Freemasons Dedicate Trinity Episcopal Church Cornerstone
Chapel will reopen Dec. 5.
When renovations started at Trinity Episcopal Church, parishioners carried hymnals and several copies of the Book of Common Prayer out of the main chapel into an adjacent hall to make way for construction crews.
And when the newly renovated sanctuary reopens on Dec. 5, the congregation will do the opposite, said the Rev. Gina Walsh-Minor. To celebrate the new chapel, the congregation will walk to the sanctuary in a procession, carrying these books and returning them to their original positions.
Yesterday around 100 members of the congregation watched a cornerstone-laying ceremony at the newly renovated sanctuary, performed by state freemasons.
"It's been an incredible coming-together of the community," Walsh-Minor said of the ceremony. "A real gift from God."
The order first marched in a procession down North Avenue East, which was blocked off temporarily by Cranford Police. The procession terminated at the church.
Before laying the new 2010 cornerstone in place, officials also situated a time capsule behind the stone containing, among other items, photos of the church throughout the 20th century, newspaper clippings of articles focusing on the church, a 1922 silver dollar and a set of New Jersey state quarters minted in 1999.
Presided over by the New Jersey Grand Master Joseph H. Rival Jr., a symbolic freemason ritual then took place. The freemasons tested the strength of the stone with various masonry tools. Corn was then spread over the stone to represent nourishment and wine to represent refreshment. Finally, members poured a small amount of oil over the stone, symbolizing peace and joy.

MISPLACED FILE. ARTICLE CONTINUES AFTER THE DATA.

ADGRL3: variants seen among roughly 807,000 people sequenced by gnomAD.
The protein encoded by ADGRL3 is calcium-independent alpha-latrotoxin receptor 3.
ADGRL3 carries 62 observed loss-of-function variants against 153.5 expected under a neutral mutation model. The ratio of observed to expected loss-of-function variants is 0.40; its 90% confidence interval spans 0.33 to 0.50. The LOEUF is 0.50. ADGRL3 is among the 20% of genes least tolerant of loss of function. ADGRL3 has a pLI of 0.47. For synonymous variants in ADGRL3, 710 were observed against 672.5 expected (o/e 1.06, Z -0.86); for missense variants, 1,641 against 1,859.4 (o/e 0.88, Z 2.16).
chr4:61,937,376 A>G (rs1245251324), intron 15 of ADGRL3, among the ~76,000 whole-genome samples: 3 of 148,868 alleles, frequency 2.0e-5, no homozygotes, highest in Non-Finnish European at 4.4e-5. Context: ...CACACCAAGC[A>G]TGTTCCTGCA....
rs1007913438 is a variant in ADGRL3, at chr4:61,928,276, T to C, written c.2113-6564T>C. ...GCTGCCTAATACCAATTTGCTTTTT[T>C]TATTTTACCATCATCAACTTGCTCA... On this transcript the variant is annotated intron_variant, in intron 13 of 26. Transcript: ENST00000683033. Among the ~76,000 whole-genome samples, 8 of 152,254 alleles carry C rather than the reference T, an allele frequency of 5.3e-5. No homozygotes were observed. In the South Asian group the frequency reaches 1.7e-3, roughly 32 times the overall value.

With the cornerstone in place, the final steps of the renovation will roll out in the fall. Church officials expect that the pews, pulpit and lectern will be installed in the next two weeks. These pieces will be stained a chestnut color to match the interior of the church. A week later, an air conditioner system will grace the sanctuary.
On the three rooftop spires, three celtic crosses will be erected in early October, and treads will be placed on stairways in the preceding weeks.
After all construction is done, the refurbished organ will be reinstalled in a four-week process in November, according to parishioner John Zebrowski, a project manager for the renovation.
Public Relations Director Tom Kaercher added that the church's new look is similar to its original design. First erected in the 1870s, the church was subsequently altered during the 1900s. Several years ago, the building experienced a structural failure that necessitated a renovation.
"We wanted to do this for the (benefit of the) next four or five generations," Kaercher said.